Thursday, August 7, 2008

Nice guy with an infectious smile

Many years ago, when I took my son to New York for a short vacation, we were greatly amused by the way in which a sordid crime had become the non-stop theme of TV news during the first day or so of our stay. A Mexican resident, Tony Gonzalez, had murdered several innocent people in a brutal fashion, and none of his former friends could figure out what might have made him act that way. Journalists succeeded in tracking down all kinds of people who knew Gonzalez well, and their comments were unanimous: "Tony's such a nice guy. I can't understand what came over him, to make him commit those murders. He's always so kind to his mother and sister, and all his friends saw him as a happy guy who was incapable of hurting anybody. Tony always speaks with such a lovely quiet voice. Etc. Etc." My son and I found this stuff hilarious. We felt that Gonzalez should be released immediately from police custody and awarded a certificate for fine citizenship and good-neighborly conduct.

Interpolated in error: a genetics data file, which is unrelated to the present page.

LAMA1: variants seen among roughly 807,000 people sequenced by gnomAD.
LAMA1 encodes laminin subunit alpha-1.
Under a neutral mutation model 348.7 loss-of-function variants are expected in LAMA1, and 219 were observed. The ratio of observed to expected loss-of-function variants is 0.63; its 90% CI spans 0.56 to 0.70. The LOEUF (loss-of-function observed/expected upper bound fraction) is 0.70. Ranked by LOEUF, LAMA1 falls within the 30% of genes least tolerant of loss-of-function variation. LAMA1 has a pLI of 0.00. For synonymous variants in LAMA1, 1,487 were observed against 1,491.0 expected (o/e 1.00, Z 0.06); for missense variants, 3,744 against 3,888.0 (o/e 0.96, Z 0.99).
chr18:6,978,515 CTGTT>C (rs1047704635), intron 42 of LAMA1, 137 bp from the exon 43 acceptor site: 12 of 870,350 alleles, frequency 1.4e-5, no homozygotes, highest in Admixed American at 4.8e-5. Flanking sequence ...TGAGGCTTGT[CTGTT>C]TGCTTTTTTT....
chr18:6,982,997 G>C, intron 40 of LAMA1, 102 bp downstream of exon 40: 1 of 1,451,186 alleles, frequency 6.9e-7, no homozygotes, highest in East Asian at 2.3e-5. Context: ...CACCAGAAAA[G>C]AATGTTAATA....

I'm reminded of Tony Gonzalez when I see the way in which the US anthrax suspect Bruce Ivins has been presented by various colleagues since his suicide. He was described as a churchgoer with a friendly disposition, who did a juggling act at community get-togethers, composed humorous songs that he performed on guitar or piano to farewell colleagues, and never seemed to have "any particular grudges or idiosyncrasies".

Alas, it's only today that we learn from hearsay that a psychiatrist had described Ivins as "homicidal, sociopathic with clear intentions". To go to the trouble of posting envelopes containing powdered anthrax spores through the mail, the perpetrator would indeed need to be sociopathic with clear intentions.

Today, we can finally read the emails of Ivins. It's a little too late, of course, since the nice guy with an infectious smile has committed suicide. I can't help thinking, rightly or wrongly, that any run-of-the-mill computerized spy should have been able to intercept these emails, which are poems of evil pulsations.

Verily, I say unto ye that Americans are fabulous fools (whom I often admire enormously, nevertheless, in the domains of science and technology). They proclaim the existence of an evil axis on the other side of the planet, but they can't necessarily detect the smelly crap exuded by their own assholes.

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